Twenty Suggestions for Theological Dialogue

bible_0_0I’ve been thinking a lot lately about how to discuss theology and doctrine in the midst of community. We as Christians ought to theologize. We should talk about God and make the truths of Scripture applicable to all of life. Theology is necessary. Theologians are needed. Burk Parsons said, “Theology is not a philosophical pursuit of abstract speculations about God. It is in fact the examination of that which God has revealed to us. As faithful students of the Word of God, we are, by necessity, students of theology. The two are not at odds with each other; rather they serve to complement one another. Whereas the Word of God is the foundation of our knowledge, theology is the expression of our knowledge. Thus, the study of God cannot be separated from the Word of God.” Here are some suggestions for thoughtful theological dialogue.

1. Read the primary sources (especially of the viewpoint you’re opposing).
2. Quote your opponent in context.
3. Understand the position to which you disagree with fully before commenting.
4. If your conversational partner does not recognize his position, you have not done a good job articulating it. You may not understand it fully.
5. Be charitable, respectful, and thoughtful in your dialogue.
6. Avoid exegetical and informal fallacies. Do your homework and think well.
7. Let the truth affect your passions but do not become angry, frustrated, or boisterous. A belligerent person cannot appreciate the truth.
8. Recognize you do not possess all the truth and everyone has a specific vantage point.
9. Be kind to those who speak in haste or even misspeak.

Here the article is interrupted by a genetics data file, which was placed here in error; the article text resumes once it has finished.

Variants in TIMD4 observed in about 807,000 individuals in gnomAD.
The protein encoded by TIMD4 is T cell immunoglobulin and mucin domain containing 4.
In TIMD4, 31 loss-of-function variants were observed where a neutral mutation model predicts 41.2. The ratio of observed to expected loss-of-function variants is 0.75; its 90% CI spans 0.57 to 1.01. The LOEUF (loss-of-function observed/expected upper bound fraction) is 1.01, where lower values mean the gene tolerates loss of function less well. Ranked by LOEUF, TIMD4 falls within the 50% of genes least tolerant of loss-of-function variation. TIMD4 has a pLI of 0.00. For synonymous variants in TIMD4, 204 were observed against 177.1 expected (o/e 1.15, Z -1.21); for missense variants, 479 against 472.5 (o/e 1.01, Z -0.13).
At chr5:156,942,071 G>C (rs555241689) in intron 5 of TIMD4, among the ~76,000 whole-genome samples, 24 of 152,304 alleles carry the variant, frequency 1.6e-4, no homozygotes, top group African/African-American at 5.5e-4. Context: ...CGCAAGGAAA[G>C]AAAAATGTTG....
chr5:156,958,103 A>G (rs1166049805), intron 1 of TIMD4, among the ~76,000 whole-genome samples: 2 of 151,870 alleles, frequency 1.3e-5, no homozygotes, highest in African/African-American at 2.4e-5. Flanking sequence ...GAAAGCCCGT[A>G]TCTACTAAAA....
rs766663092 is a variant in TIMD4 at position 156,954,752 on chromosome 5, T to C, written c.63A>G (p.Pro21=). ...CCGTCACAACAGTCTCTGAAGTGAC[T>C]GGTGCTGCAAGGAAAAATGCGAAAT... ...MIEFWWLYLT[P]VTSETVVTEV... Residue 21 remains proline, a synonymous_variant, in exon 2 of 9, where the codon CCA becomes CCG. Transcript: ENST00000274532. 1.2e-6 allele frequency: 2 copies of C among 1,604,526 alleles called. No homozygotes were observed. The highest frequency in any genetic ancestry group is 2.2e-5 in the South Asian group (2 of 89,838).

10. Make whatever complex theological truth applicable to the mission and worship of the Church.
vsfdvsdfs11. Attack the argument; not the man.
12. Admit ignorance, lack of study, and error when it becomes apparent. Willful ignorance is arrogance.
13. Don’t zing your partner or use rhetorical grenades. We aren’t attempting to turn phrases but get at the truth.
14. Appreciate other traditions than your own.
15. Don’t walk away mad. If one is becoming too incensed, kindly ask for a break in the conversation for the sake of unity.
16. Don’t make unfounded assumptions or statements that cannot be corroborated with evidence.
17. Don’t assume an ill will or bad motive.
18. Don’t ignore the issue for the sake of unity. Truth unifies. Sin divides.
19. If you wouldn’t publish it in a book, don’t write it elsewhere. If you wouldn’t say it to someone personally, don’t say it via another medium.
20. Recognize different contexts. Is this discussion of public or personal nature? Some topics are inappropriate for public discourse but not so for private discussion.


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